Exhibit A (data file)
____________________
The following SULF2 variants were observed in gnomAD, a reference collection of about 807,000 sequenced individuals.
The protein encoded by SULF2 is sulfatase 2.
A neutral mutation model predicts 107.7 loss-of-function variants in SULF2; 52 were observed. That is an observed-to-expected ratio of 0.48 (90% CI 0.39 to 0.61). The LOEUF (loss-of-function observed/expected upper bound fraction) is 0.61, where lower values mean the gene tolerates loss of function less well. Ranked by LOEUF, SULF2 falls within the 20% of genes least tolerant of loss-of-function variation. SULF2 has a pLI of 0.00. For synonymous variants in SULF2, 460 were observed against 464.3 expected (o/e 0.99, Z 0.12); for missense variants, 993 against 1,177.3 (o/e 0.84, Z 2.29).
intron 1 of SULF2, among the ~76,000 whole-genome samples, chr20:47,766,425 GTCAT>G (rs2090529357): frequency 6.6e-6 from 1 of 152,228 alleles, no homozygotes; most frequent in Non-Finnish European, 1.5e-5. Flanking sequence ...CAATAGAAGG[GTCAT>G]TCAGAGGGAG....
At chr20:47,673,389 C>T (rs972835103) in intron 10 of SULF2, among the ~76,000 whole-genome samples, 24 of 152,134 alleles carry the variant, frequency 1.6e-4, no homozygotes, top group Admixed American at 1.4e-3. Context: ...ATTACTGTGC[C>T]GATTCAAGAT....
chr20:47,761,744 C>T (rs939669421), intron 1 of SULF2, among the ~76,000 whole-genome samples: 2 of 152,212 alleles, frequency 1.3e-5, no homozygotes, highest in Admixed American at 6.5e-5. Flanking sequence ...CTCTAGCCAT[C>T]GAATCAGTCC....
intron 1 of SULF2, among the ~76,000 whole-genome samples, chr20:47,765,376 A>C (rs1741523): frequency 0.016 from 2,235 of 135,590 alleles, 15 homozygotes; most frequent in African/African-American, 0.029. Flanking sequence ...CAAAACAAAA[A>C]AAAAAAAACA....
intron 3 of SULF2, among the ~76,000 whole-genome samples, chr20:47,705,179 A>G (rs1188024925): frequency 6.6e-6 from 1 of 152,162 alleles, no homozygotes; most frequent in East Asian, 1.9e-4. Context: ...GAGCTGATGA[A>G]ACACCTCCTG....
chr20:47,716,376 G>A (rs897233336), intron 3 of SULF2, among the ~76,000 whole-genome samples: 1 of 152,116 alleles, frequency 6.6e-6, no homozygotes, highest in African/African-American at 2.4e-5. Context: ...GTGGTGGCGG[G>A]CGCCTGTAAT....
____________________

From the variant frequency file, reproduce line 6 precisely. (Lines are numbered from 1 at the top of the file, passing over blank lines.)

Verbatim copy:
chr20:47,761,744 C>T (rs939669421), intron 1 of SULF2, among the ~76,000 whole-genome samples: 2 of 152,212 alleles, frequency 1.3e-5, no homozygotes, highest in Admixed American at 6.5e-5. Flanking sequence ...CTCTAGCCAT[C>T]GAATCAGTCC....